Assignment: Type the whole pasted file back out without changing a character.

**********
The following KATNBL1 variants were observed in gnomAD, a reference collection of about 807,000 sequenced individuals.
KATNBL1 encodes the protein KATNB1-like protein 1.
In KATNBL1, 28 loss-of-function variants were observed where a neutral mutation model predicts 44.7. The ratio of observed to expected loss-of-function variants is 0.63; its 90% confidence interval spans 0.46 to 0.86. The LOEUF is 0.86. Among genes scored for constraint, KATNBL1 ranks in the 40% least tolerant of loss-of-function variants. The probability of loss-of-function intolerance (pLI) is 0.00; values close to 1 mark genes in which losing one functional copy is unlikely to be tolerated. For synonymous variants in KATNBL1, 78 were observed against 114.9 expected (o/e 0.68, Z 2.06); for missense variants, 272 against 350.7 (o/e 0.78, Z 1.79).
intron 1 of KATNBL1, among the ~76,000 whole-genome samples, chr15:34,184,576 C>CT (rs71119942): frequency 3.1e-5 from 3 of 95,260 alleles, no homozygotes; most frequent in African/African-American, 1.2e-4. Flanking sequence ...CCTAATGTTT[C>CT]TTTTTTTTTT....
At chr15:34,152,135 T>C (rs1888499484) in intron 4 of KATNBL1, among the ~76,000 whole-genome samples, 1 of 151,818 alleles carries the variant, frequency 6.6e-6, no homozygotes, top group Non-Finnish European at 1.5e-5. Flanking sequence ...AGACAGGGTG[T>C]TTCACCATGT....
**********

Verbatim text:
The following KATNBL1 variants were observed in gnomAD, a reference collection of about 807,000 sequenced individuals.
KATNBL1 encodes the protein KATNB1-like protein 1.
In KATNBL1, 28 loss-of-function variants were observed where a neutral mutation model predicts 44.7. The ratio of observed to expected loss-of-function variants is 0.63; its 90% confidence interval spans 0.46 to 0.86. The LOEUF is 0.86. Among genes scored for constraint, KATNBL1 ranks in the 40% least tolerant of loss-of-function variants. The probability of loss-of-function intolerance (pLI) is 0.00; values close to 1 mark genes in which losing one functional copy is unlikely to be tolerated. For synonymous variants in KATNBL1, 78 were observed against 114.9 expected (o/e 0.68, Z 2.06); for missense variants, 272 against 350.7 (o/e 0.78, Z 1.79).
intron 1 of KATNBL1, among the ~76,000 whole-genome samples, chr15:34,184,576 C>CT (rs71119942): frequency 3.1e-5 from 3 of 95,260 alleles, no homozygotes; most frequent in African/African-American, 1.2e-4. Flanking sequence ...CCTAATGTTT[C>CT]TTTTTTTTTT....
At chr15:34,152,135 T>C (rs1888499484) in intron 4 of KATNBL1, among the ~76,000 whole-genome samples, 1 of 151,818 alleles carries the variant, frequency 6.6e-6, no homozygotes, top group Non-Finnish European at 1.5e-5. Flanking sequence ...AGACAGGGTG[T>C]TTCACCATGT....